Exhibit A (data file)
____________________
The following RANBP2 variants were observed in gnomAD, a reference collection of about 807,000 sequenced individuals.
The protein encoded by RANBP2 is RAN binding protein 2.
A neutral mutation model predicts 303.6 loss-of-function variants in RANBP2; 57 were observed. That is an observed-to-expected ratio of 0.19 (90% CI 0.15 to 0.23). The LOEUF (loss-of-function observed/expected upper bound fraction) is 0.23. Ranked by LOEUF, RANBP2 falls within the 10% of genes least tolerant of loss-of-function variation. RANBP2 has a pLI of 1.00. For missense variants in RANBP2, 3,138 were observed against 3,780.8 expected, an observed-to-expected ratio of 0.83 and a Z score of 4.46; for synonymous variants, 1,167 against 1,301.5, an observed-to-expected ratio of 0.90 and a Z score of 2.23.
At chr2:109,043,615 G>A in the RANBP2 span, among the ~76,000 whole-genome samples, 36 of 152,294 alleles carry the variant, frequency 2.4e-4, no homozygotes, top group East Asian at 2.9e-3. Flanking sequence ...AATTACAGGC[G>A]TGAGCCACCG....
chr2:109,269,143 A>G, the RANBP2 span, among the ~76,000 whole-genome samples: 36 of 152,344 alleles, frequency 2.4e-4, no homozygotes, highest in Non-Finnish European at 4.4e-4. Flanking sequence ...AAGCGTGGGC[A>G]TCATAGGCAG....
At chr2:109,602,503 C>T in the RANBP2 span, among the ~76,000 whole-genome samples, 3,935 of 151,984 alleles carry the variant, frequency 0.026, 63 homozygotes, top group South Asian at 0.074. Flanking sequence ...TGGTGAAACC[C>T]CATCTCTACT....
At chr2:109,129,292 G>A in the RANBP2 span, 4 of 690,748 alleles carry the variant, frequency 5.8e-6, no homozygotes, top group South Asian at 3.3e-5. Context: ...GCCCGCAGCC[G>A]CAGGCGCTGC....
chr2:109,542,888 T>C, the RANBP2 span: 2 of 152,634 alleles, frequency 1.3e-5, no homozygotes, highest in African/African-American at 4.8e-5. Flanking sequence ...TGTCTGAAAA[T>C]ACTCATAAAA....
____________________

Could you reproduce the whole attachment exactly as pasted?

The following RANBP2 variants were observed in gnomAD, a reference collection of about 807,000 sequenced individuals.
The protein encoded by RANBP2 is RAN binding protein 2.
A neutral mutation model predicts 303.6 loss-of-function variants in RANBP2; 57 were observed. That is an observed-to-expected ratio of 0.19 (90% CI 0.15 to 0.23). The LOEUF (loss-of-function observed/expected upper bound fraction) is 0.23. Ranked by LOEUF, RANBP2 falls within the 10% of genes least tolerant of loss-of-function variation. RANBP2 has a pLI of 1.00. For missense variants in RANBP2, 3,138 were observed against 3,780.8 expected, an observed-to-expected ratio of 0.83 and a Z score of 4.46; for synonymous variants, 1,167 against 1,301.5, an observed-to-expected ratio of 0.90 and a Z score of 2.23.
At chr2:109,043,615 G>A in the RANBP2 span, among the ~76,000 whole-genome samples, 36 of 152,294 alleles carry the variant, frequency 2.4e-4, no homozygotes, top group East Asian at 2.9e-3. Flanking sequence ...AATTACAGGC[G>A]TGAGCCACCG....
chr2:109,269,143 A>G, the RANBP2 span, among the ~76,000 whole-genome samples: 36 of 152,344 alleles, frequency 2.4e-4, no homozygotes, highest in Non-Finnish European at 4.4e-4. Flanking sequence ...AAGCGTGGGC[A>G]TCATAGGCAG....
At chr2:109,602,503 C>T in the RANBP2 span, among the ~76,000 whole-genome samples, 3,935 of 151,984 alleles carry the variant, frequency 0.026, 63 homozygotes, top group South Asian at 0.074. Flanking sequence ...TGGTGAAACC[C>T]CATCTCTACT....
At chr2:109,129,292 G>A in the RANBP2 span, 4 of 690,748 alleles carry the variant, frequency 5.8e-6, no homozygotes, top group South Asian at 3.3e-5. Context: ...GCCCGCAGCC[G>A]CAGGCGCTGC....
chr2:109,542,888 T>C, the RANBP2 span: 2 of 152,634 alleles, frequency 1.3e-5, no homozygotes, highest in African/African-American at 4.8e-5. Flanking sequence ...TGTCTGAAAA[T>C]ACTCATAAAA....